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A sandbox (in computer security) is a security mechanism used on servers and personal computers to execute third-party programs that are unverified or have a non-trusted source. A sandbox allows a guest program to run under tightly-controlled conditions, which typically prevent the guest program to write to the host computer’s permanent disk storage and provide a highly restricted network access (if any). Some sandboxes also disallow the guest program to read from the host’s input devices as a means to prevent malicious programs from reading sensitive data like passwords, network keys and credit card information.



Typically, when a program is run, the hard disk is read to load program parameters and then data is written back to the hard disk from time to time during program execution and termination. [Figure A] below demonstrates this scenario.

Figure A: Scenario when no sandbox is used

What if the program was of malicious nature? It could do all sorts of unscrupulous activities like reading sensitive data, corrupting system files or consuming network bandwidth. A sandbox is used to prevent such unauthorized read/write access. It provides the guest program a limited amount of scratch space on the hard disk where the program executes but is not allowed to write or read directly from any other sector of the hard disk. The figure below shows a sandbox acting as a transient storage area where data flows in both directions (read and write) between the sandbox and the guest program but no read or write takes place between the guest program and the permanent disk storage. Sandboxes intercept changes to both files and registry making it literally impossible for the guest program to reach outside the sandbox. [Figure B] below shows the schematic of a sandbox protecting the permanent disk storage.

Figure B: Sandbox implementation


Web Browsers

When a sandbox is used inside a web browser, it traps all unsolicited activity (malware, spyware, etc) within the sandbox itself. So in the event that there is an actual malware attack, the sandbox could easily be discarded with no damage to the system.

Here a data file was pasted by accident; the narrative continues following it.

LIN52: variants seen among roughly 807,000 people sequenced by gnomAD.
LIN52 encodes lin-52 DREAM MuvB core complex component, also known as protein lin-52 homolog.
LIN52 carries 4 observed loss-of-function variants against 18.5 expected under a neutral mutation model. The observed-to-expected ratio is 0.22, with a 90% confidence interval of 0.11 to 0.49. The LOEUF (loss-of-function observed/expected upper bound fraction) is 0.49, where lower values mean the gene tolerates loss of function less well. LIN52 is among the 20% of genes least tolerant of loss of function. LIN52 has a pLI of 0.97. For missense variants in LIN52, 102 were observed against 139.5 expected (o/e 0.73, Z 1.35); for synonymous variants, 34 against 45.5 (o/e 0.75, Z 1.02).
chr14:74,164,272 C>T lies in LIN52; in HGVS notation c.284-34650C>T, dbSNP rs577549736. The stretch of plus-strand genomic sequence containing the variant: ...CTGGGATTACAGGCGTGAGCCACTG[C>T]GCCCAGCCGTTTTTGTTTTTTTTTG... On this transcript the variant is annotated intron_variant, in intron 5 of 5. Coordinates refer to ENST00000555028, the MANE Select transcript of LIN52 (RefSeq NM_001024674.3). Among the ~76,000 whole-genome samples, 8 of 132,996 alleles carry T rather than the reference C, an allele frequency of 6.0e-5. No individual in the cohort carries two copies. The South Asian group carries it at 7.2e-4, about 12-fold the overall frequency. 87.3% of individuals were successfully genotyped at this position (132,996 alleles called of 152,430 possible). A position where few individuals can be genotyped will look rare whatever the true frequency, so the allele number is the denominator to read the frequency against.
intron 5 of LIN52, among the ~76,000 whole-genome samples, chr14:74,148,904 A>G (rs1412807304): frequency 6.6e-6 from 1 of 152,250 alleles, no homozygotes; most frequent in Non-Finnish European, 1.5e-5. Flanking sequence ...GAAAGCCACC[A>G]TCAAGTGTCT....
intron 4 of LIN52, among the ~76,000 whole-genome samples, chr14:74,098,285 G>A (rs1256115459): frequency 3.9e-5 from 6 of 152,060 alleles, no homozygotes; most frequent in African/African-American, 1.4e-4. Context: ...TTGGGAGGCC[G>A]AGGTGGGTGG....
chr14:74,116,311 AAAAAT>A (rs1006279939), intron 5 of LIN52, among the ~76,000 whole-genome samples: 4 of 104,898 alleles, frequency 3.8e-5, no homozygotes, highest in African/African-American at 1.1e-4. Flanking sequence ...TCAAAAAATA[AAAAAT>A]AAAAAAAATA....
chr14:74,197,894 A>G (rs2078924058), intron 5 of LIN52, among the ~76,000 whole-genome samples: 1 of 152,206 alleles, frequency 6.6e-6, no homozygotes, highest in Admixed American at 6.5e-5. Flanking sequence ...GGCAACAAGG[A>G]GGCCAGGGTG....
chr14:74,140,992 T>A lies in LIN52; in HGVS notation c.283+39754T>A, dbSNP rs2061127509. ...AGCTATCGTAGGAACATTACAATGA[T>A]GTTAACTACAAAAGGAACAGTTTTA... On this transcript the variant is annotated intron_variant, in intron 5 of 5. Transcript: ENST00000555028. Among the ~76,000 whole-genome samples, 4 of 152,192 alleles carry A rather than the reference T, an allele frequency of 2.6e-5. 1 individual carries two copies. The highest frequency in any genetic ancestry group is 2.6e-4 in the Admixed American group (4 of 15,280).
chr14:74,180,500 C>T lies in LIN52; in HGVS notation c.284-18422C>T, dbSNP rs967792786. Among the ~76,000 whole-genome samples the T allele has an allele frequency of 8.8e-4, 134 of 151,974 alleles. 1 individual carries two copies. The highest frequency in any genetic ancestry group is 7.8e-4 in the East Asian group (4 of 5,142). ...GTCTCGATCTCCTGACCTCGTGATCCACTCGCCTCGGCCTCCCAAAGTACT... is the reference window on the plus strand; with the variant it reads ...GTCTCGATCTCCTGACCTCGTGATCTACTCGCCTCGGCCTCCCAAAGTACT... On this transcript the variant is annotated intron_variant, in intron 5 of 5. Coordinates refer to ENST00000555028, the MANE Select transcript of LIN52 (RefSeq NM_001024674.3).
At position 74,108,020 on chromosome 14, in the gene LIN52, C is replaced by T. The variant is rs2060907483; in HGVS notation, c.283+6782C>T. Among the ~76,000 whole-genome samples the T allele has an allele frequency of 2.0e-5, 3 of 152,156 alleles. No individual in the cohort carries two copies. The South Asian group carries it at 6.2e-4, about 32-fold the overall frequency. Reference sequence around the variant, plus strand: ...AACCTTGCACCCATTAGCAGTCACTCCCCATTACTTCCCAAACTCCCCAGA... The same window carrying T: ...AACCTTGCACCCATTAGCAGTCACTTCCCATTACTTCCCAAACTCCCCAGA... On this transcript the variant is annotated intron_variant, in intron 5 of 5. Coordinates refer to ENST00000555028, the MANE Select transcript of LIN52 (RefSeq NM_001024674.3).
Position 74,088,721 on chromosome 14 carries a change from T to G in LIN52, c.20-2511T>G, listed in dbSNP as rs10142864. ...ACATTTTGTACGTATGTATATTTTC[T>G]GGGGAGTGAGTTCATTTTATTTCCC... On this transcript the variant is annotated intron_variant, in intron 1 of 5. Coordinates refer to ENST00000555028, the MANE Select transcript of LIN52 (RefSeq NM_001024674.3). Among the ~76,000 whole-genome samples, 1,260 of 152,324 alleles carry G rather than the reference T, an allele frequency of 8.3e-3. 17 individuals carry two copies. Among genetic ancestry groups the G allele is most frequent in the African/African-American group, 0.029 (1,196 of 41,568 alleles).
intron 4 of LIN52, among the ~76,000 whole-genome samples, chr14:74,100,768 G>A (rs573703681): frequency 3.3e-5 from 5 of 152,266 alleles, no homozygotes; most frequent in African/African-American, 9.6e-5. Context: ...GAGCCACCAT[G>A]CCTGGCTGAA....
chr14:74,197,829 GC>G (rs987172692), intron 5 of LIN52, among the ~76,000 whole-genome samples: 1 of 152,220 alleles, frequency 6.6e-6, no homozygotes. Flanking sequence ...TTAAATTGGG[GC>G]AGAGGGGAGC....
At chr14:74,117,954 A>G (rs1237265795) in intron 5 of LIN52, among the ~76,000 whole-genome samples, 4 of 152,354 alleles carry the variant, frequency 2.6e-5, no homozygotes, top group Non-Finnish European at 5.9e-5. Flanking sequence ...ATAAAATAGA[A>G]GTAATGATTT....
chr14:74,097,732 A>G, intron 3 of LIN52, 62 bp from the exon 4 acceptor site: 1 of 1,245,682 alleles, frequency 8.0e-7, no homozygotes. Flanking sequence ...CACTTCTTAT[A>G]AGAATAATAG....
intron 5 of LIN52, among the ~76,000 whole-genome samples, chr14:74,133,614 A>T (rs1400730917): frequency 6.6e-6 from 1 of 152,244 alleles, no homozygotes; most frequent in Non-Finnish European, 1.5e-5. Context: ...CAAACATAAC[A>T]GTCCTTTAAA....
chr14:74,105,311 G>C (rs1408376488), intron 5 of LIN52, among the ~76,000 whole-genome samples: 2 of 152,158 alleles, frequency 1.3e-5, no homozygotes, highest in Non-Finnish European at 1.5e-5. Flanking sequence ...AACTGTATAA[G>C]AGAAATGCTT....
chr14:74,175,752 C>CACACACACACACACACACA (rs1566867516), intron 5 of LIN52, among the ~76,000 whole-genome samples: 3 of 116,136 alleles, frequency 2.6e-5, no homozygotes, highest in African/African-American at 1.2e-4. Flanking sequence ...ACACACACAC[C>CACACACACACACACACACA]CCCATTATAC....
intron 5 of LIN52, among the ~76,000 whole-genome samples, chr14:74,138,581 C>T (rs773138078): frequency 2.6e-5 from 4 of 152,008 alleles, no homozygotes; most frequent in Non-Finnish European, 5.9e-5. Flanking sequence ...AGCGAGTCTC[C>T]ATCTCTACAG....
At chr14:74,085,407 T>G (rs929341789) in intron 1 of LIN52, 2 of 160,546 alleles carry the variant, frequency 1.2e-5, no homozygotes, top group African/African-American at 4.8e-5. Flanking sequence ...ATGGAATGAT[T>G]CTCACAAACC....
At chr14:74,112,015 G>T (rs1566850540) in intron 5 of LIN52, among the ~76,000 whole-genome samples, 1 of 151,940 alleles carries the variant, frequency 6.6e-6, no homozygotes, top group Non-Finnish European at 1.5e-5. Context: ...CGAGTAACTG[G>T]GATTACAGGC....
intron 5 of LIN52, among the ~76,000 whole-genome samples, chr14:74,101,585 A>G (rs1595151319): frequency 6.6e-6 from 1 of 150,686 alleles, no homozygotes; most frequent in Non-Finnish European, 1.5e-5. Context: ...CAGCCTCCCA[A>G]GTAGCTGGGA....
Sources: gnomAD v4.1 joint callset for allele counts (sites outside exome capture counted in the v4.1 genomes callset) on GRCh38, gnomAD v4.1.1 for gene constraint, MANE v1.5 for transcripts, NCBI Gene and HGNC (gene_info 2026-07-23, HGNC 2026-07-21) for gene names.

When a sandbox is used inside a web browser it traps all the unsolicited malware, spyware and like within the sandbox itself. In case there is an actual malware attack, the sandbox could be discarded easily and no damage occurs to the system.


Sandboxes are a great way to protect game statistics from (low) scores by inexperienced players. Many online gaming servers implement sandboxes to prevent flooding of their servers with statistics from gamers on trial membership. PC users could also benefit, by allowing inexperienced gamers to play their favorite game from the sandbox, which does not change the statistics for the game.

Second Life

Second Life is a virtual social network which allows users to create 3D objects in their allowed virtual space. Users can test their object in public sandboxes, which ensures their object does not damage or threaten objects from other users. [Figure C] below shows the public sandbox from Sun Microsystems where user Groupf Camel is testing object Digger06.

Figure C: Sun Microsystem's public sandbox in Second Life

Operating System Virtualization

The guest operating system is sandboxed in the sense that it does not run natively on the host and can only access host resources through the emulator.


Implementation details of a commercial sandbox could be obtained here


Sandboxes can consume a lot of memory. It is not recommended to use sandboxes if your computer has less than 1 Gigabyte of physical memory.

Sandbox Software

Sandboxie is a free sandbox application for Windows operating system.

IBM Lotus Sandbox


Microsoft Security GLossary Retrieved on April 5, 2008
Sandbox from Wikipedia Retrieved on April 5, 2008
Digital Money World Retrieved on April 6, 2008
Sandboxie Retrieved on March 30, 2008
Lotus SandboxRetrieved on March 16, 2008

See Also

Sandboxes (Software Development)

External Links - Wikipedia page for a malware - Wikipedia page for a spyware - 3D social networking site that uses sandboxes - Sun Microsystems - Impelementation details of a commercial sandbox

--Chatteik 23:22, 13 April 2008 (EDT)

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